The Grand Young Trotting Stallion AXTELL
(1886 - 1906)
Caption: THE GRAND YOUNG TROTTING STALLION AXTELL BY WILLIAM L., BY GEORGE WILKES
RECORD AT 3 YRS. OLD: 2:12
The tiny print at bottom right reads: "REPRINTED FROM LITH. BY CURRIER & IVES"
("William L." is the full name of Axtell's sire; His grandsire is "George Wilkes", son of Hambletonian.)
Click the picture for a larger (264Kb) image, better for printing.
This picture is scanned from a 1978 promotional calendar from the Travelers Insurance Co. For 2 years, this website had no additional information about this horse. Then I had a remarkable call from Mike McCormick of Terre Haute, Indiana. He is the Vigo County historian and was searching the Web for Col. Alexander Baxter Crane. Crane was a lieutenant colonel from Indiana during the Civil War. Mike didn't know where the colonel went after the war. He happened on the AFO website because Col. Crane, who became a successful lawyer in New York City, had lived in Scarsdale NY and had named Axtell Drive after his great-grandmother, 100-year-old Joanna Axtell Crane (1746-1846) who had died when he was a boy of nine. (see Roads named Axtell). Note: There is no known connection between Col. Crane and the stallion other than the fact that they both lived in Terre Haute.
Well, while Mike was in a website about Axtells, he looked to see if we had anything on Axtell, the trotter that, at one time, made Terre Haute famous by setting the world record for the mile there. He saw that we had no information and kindly called me (14 Jul 1997), following up with this e-mail:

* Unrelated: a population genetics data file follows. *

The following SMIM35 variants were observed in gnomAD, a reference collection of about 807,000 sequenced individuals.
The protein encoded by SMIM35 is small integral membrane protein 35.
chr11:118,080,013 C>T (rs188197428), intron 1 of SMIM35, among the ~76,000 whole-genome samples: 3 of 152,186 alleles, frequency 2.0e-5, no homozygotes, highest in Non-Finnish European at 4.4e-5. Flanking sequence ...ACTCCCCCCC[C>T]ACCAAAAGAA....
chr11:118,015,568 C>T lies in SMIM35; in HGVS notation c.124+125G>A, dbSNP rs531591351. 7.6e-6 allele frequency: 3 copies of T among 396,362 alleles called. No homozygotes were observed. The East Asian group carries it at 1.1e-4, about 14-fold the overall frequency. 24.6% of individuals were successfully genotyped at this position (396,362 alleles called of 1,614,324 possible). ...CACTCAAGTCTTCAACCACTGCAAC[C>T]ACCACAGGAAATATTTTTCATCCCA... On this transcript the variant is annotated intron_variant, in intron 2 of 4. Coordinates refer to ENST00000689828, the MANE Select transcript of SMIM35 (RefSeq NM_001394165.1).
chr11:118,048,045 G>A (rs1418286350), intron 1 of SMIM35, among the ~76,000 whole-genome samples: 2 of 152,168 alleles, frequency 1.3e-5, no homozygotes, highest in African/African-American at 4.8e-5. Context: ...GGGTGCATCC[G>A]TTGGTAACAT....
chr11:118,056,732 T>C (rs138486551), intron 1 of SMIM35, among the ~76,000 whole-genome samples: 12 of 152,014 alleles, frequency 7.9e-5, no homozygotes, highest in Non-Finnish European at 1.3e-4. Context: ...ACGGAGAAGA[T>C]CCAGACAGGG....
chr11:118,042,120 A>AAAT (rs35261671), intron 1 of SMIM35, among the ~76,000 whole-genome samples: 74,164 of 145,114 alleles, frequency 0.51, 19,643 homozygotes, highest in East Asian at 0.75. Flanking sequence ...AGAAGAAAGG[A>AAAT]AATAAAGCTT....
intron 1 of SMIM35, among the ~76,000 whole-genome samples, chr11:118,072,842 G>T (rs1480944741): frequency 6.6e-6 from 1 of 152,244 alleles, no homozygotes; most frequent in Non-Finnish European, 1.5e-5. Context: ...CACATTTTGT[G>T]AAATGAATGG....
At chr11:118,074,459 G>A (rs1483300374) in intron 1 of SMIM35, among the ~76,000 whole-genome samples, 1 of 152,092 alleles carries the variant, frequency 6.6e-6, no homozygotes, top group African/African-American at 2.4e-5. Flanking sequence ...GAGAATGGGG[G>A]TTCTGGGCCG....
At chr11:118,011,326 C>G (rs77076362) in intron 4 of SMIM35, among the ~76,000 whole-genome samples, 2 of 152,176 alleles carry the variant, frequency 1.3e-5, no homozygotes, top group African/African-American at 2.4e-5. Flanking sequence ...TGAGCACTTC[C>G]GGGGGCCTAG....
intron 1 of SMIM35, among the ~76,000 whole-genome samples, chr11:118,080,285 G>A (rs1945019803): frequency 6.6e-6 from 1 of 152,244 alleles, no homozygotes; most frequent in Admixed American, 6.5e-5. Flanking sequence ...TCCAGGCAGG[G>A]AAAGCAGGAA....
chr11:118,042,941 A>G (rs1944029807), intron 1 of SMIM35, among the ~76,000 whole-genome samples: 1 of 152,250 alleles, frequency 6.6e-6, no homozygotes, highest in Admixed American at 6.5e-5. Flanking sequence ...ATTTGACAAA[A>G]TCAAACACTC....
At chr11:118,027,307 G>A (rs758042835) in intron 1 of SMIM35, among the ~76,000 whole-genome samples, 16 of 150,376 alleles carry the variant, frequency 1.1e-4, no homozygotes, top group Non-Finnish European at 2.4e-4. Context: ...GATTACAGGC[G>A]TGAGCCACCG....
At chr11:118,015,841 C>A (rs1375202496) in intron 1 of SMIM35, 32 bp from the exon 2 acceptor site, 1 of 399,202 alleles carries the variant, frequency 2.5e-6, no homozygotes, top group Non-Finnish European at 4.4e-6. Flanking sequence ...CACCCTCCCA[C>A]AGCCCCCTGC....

The stallion AXTELL set the world stallion trotting record at Terre Haute, Indiana on October 11, 1889 in 2:12.0. At the time he set the record, he was owned and driven by C.W. Williams of Independence, Iowa. After the race, he was purchased by a syndicate headed by William Putnam Ijams and John Conley for $105,000, $30,000 more than had ever been paid for any horse of any kind. Thereafter, he was maintained at Warren Park Farm in Terre Haute. Due to an injury, he never raced again but received a $1,000 stud fee and became one of the greatest sires in harness racing history and his progeny is still highly coveted. One of his sons was AXWORTHY. Both AXTELL and AXWORTHY were inducted into the Hall of Fame of the Trotter in Goshen, New York in the first two years of the Hall of Fame's existence. He died in Terre Haute in 1906. During the time that Axtell reigned, harness racing was as popular --or more popular-- than thoroughbred racing. Axtell was trained by Budd Doble, who moved with his entourage from California to Terre Haute each year to focus on the many horses sent here to train under his tutelage. The Currier and Ives print represented that it was a painting of Axtell when he set the world mark described above. Terre Haute, coincidentally, also was the home of Col. Alexander Baxter Crane, colonel in the 85th Indiana Regiment, before the Civil War. He came back on several occasions, usually for regimental reunions. Each time he was feted and his speeches and letters were printed in local newspapers.
Some other notes on AXTELL from Mike McCormick:
AXTELL was a descendant of Hambletonian, b. May 5, 1849, the foundation sire of the standardbred breed. AXWORTHY is the most famous of AXTELL's descendants (and more famous than AXTELL), but there are 6-8 other horses with names based on AXTELL (it is customary to include part of a famous sire's name in the progenies' names). He was sold the next day after his world record. Owners came from far away to the slightly-out-of-level "four-corner" race track in Terre Haute with hopes of their horses setting a record. AXTELL is buried in Terre Haute, but the site may be a shopping mall now. If there is ever a move to build a memorial to the grand stallion, Mike will be sure to let me know so I can post the information here.
The 2:12 record did not stand long (as Carl Sandburg's autobiography attests below).